A Sister of Mercy shares the story of her adoption


As a roly-poly six-month-old, Sister Janice K. won her parents’ hearts. “They always made me feel very special,” says Sister Janice. “I always knew that they had wanted me.”

Being adopted was a “great gift,” says Sister Janice, which has shaped her call to Mercy in significant ways. The Sisters of Mercy are sharing her story and those of other members of the Mercy family in order to raise awareness about adoption during November, National Adoption Month.

Born in 1949 to a young, single woman, baby Janice was placed in St. Agnes Home in Hartford, Connecticut, which was founded by the Sisters of Mercy and is today a residential center for pregnant and parenting adolescent mothers. It is marking its centennial year. Sister Janice sometimes jokes that she had “early roots in Mercy” because she was cared for by Sisters of Mercy in her infancy.

As it turned out, Janice’s adoptive mother had herself been adopted and so didn’t hesitate to consider this option after several miscarriages. She and Janice’s adoptive father yearned for a sibling for Janice’s older sister, Sharon. Although Janice’s mother would later have another biological daughter, Lois, Janice says her sense of being chosen and cherished was always reinforced by both parents. Her father, a supervisor at the aviation company Pratt & Whitney, made her feel particularly special.

“When I was five or six, my father would put me on his lap and tell me this wonderful princess story, of how he and Mom went to look for me and picked me out and brought me home,” recalls Sister Janice. “He was a very good storyteller and I would ask him to tell me the story again and again!”

Janice first came to know the Sisters of Mercy when they taught religious education classes at her public elementary school. In high school, she sensed a calling to religious life, but her mother convinced her to go to college first. Janice flourished at Eastern Connecticut State University, where as student government member she helped oversee one of the first co-ed high-rise apartment complexes in the country. She then taught in public schools for nearly a decade—a time when she also came to know several Sisters of Mercy in her parish. “I started visiting the convent, praying with the sisters and slowly getting to know Mercy,” she says. “And the nudge to become a sister came back.”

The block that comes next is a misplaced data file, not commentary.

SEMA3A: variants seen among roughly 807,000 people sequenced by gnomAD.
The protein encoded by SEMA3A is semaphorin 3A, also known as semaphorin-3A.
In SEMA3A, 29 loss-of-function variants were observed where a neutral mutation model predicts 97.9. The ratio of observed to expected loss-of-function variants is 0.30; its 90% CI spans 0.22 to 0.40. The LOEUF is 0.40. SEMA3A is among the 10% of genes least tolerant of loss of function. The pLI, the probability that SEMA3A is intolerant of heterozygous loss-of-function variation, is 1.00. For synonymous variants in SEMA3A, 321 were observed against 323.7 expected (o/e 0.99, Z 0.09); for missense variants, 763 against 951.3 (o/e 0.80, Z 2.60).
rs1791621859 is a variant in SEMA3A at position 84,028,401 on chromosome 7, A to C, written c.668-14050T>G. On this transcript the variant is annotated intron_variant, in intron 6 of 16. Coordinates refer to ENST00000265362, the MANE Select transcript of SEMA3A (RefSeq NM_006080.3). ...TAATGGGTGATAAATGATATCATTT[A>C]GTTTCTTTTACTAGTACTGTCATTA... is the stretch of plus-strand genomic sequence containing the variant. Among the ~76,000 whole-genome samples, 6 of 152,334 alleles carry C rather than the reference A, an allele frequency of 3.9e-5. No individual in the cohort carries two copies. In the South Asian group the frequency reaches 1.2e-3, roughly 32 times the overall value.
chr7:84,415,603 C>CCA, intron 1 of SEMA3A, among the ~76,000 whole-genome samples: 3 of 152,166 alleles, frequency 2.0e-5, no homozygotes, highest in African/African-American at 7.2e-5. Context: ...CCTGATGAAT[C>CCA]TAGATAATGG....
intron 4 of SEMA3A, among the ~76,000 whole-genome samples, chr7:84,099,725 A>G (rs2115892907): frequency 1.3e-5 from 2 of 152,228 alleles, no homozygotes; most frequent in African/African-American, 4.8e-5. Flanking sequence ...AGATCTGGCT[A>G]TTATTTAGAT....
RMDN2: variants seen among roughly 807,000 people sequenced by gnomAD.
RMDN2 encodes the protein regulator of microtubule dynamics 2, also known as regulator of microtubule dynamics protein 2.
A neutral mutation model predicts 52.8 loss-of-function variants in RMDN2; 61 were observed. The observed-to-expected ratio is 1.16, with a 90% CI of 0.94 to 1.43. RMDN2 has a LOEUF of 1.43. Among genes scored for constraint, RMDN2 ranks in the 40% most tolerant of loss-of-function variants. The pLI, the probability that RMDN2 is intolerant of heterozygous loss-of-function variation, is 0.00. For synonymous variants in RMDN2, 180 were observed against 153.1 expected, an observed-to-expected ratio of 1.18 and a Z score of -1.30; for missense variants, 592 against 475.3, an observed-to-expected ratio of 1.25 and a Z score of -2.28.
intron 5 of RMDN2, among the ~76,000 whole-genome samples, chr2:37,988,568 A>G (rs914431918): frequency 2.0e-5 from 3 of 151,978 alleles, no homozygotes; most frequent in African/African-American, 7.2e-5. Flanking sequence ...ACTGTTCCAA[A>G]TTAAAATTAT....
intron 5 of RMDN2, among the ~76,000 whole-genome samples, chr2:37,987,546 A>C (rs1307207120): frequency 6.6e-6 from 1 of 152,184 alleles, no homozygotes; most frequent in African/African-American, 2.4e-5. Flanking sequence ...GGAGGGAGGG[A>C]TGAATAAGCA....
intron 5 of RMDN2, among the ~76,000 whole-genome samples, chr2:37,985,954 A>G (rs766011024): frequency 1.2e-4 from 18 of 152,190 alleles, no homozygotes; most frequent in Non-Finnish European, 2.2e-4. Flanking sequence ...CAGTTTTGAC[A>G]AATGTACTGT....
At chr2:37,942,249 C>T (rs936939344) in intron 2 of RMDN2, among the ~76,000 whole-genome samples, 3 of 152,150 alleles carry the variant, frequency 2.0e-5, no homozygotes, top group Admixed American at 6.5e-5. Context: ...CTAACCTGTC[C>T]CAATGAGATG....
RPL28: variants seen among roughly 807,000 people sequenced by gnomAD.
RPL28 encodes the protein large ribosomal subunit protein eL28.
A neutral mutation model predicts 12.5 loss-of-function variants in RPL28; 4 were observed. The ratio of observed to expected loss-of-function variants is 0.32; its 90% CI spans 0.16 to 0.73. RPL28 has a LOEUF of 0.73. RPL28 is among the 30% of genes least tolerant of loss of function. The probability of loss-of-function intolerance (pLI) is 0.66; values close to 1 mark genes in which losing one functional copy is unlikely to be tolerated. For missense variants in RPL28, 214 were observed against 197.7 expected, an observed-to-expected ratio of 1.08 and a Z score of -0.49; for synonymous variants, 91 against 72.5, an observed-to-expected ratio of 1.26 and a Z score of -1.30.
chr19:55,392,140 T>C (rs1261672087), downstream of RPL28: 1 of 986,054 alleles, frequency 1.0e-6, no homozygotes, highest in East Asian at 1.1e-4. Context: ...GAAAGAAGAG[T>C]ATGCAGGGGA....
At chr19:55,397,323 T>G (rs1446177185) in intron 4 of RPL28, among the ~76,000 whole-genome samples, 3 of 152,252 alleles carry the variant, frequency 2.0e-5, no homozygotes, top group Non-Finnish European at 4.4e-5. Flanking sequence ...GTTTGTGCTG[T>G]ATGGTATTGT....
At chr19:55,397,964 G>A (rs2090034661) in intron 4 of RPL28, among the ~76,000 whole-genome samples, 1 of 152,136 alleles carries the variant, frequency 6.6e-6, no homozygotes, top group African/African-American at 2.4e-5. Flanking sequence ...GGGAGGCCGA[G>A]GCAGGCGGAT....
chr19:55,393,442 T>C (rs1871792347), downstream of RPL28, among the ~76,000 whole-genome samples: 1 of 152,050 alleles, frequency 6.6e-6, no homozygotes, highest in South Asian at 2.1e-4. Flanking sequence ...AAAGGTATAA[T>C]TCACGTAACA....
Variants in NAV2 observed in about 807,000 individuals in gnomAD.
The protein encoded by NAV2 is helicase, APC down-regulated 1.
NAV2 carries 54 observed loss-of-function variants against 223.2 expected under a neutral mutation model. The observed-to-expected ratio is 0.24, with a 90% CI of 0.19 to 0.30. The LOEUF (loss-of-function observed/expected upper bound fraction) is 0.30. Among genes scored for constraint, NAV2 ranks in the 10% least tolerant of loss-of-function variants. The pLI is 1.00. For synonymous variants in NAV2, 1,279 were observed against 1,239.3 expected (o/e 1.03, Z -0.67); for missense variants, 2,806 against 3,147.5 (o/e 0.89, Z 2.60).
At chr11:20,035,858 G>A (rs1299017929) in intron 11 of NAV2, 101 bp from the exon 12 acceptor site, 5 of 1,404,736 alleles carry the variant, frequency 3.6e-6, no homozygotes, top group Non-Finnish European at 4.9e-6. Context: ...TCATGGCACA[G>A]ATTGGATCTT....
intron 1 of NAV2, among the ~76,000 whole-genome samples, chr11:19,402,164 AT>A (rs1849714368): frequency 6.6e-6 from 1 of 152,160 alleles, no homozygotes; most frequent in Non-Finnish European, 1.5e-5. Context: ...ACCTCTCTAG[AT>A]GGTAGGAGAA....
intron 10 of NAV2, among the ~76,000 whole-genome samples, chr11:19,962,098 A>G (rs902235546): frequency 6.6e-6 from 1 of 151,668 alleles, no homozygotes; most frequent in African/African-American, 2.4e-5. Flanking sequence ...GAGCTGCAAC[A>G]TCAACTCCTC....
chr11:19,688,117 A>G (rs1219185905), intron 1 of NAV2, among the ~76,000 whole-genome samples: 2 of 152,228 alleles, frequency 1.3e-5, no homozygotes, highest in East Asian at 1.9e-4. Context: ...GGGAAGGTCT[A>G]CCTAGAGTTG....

Sister Janice’s primary ministry as a Sister of Mercy has been in education. She taught in Catholic schools for years before becoming a tutor five years ago at Grace Academy, a free interfaith middle school for low-income girls in Hartford. “As an educator, I have always had a soft place in my heart for struggling students, because that’s what I was as a child,” says Sister Janice. “I seek to build up children and instill love in them, as well as teach them what they need to learn.”

Social justice is also important to Sister Janice. She notes that many of the girls she teaches come from an indigenous community in Myanmar (Burma); their families, she says, work hard to overcome poverty but struggle in a city as expensive as Hartford. These girls, as well as the guests at a soup kitchen where Sister Janice serves breakfast twice a week, teach her much “about humility, resilience and faith,” she says.

Sister Janice’s life in Mercy helped her to cope with the disappointment she felt in her 40s when her birth mother, whom she had contacted out of “a deep desire to come to know where my roots came from,” did not reciprocate her interest in establishing a relationship. “I cherish the one letter I received from her, but when she didn’t write back again I had to let it go,” says Sister Janice reflectively. “But when I look back on my life, I have sensed God’s presence from the beginning. My birth mother could have had an abortion, but instead she chose what has to be one of the hardest things for a mother to do—to give up her child for adoption in an act of love.”

Her sister Sharon found having an adopted sister so fulfilling that she and her husband adopted a child, Trish, who has Down syndrome, when Trish was four years old.

Pointing out that Scripture tells us “we are adopted children of God,” Sister Janice says, “I have always felt like I really understood what that means.”

This article originally appeared on the website of the Sisters of Mercy of the Americas ( The original posting can be found here.

Image: Photo courtesy of Sister Janice Kidney, R.S.M.

About the author

Catherine Walsh

Catherine Walsh is the communications specialist for the Sisters of Mercy of the America, Northeast Community.

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